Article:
To prevent unwanted mouse transitions between computers, choose from following options under:
Enable optionto temporarily override any of the above switch prevention features.
To temporarily disable ShareMouse, click the task bar icon while holding the CTRL-key. Repeat this action to re-activate ShareMouse. On Macs, press the CMD-key instead.
The customizable QuickJump hotkey undermoves the mouse pointer instantly to a specific monitor without the need to move the mouse all the way across large monitor setups.
If the setup consists of two monitors, the mouse cursor jumps to the opposite monitor.
For more than two monitors, letters from A to Z are shown on each monitor. Press the letter ot jump to that monitor.
To cancel QuickJump, touch the mouse of the remote controlled computer or press the Panic hotkey ESC.
While you can use different hotkeys on each computer, we recommend to use the same hotkey as it allows you toggling between monitors with the same easy-to-memorize hotkey.
We recommend to use the remote clipboard paste hotkey CTRL-SHIFT-V. This allows you to decide case-by-case whether to paste the local computers clipboard contents (with the system hotkey CTRL-V) or to paste the remote clipboard contents by adding the SHIFT-key.
ShareMouse can sync several events on all connected computers as configured under "".
Optionshuts down the local computer automatically after a security notification countdown, if any other connected computer was shut down.
Unfortunately, macOS issues the same internal signal for user logout and shutting down a Mac. All computers will shut down, even if you just log out from another Mac. Use the shutdown synchronization feature with care if you log out from a Mac.
If option "" is enabled under , the local computer is suspended after a security notification countdown, if any of the connected computers enters suspend mode.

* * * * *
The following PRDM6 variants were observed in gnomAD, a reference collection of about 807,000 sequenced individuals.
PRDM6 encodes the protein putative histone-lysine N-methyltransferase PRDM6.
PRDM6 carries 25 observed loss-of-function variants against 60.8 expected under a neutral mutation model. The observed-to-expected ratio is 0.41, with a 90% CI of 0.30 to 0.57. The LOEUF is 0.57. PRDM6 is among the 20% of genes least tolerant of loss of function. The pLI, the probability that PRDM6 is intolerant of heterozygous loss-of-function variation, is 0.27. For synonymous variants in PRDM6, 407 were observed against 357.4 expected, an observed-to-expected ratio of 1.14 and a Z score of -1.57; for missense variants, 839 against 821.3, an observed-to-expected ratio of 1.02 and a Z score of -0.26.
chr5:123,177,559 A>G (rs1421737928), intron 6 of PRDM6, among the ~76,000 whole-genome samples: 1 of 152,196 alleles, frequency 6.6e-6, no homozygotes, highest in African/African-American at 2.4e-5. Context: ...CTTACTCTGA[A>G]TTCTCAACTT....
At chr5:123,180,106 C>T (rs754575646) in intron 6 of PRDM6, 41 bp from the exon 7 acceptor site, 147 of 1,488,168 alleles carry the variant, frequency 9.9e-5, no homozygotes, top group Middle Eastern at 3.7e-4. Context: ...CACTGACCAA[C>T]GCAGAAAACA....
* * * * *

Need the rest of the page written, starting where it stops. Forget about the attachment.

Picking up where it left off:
Suspended computers must be wake up with local input devices.
If option "" is enabled under , the local computer locks after a security notification countdown, if any other computer enters lock screen.
Windows PC can be locked with the system hotkey WIN-L. On a Mac, click the user name in the menu bar and select menu option "".
During ShareMouse installation on a Windows PC , the default option "Remote login" must have kept been enabled. Repeat the installation procedure if you opted this setting out accidentally.
If option "" is enabled under , the screen saver of the local computer is acitvated if the screen saver activates on any other computer.
The Mac screen can optionally be configured to enable a custom log in dialog which, unfortunately, is not supported by the ShareMouse auto-login feature.
If option "" is enabled under , ShareMouse automatically unlocks/logs into the local computer with the configured user account information, if you log in on any other ShareMouse connected computer.
This feature is not available in portable mode.
IMPORTANT: Any ShareMouse connected user can unlock your computer without entering a password. ShareMouse stores the user login credentials with AES encryption.
Do not use this feature in security critical environments!
Make sure to configure the password protection in ShareMouse to restrict the clients who can connect.
On a Mac, we strongly recommend to enable "Remote Login" (SSH access) into prevent permanently locking yourself out from the Mac in case of malfunction.
By default, ShareMouse adds any other ShareMouse installation in a local network to your setup automatically.
To separate work places with a group computers from each other in a shared network environment, configure a separate password for each work place:
Done! Only clients with the same password can now connect to the group.
Password-protection automatically enables AES encryption of network data such as keyboard input, mouse coordinates, clipboard transfer and file transmission data.
If one ShareMouse installation is password-secured, all ShareMouse clients must be password-protected as well.
We strongly recommend to keep the program up-to-date with the built-in internet update check.
To check for updates, connect your computer to the internet, click the ShareMouse tray icon and select.
Under, the update check can be configured to only notify you about critical, minor or experimental updates:
No update check
Disables automatic update check.
Not recommended as you will not be informed about important bug fixes!
Informs about important updates that may fix critical bugs.
Recommended for companies with a conservative update policy.
Choose this setting if you want to have the very latest version, including minor improvements.
Use only if you expect a customization provided by us or if we instructed you to configure this option for technical support purposes.
Informs about ShareMouse beta versions.
Mac users, heads up!
You must confirm authorization of ShareMouse in macOS with every update: Uncheck the existing ShareMouse item and check-mark it again under .
If these ports are occupied by another application, choose another available port under.
Please check the Network Trouble Shooting section in case of network connection issues.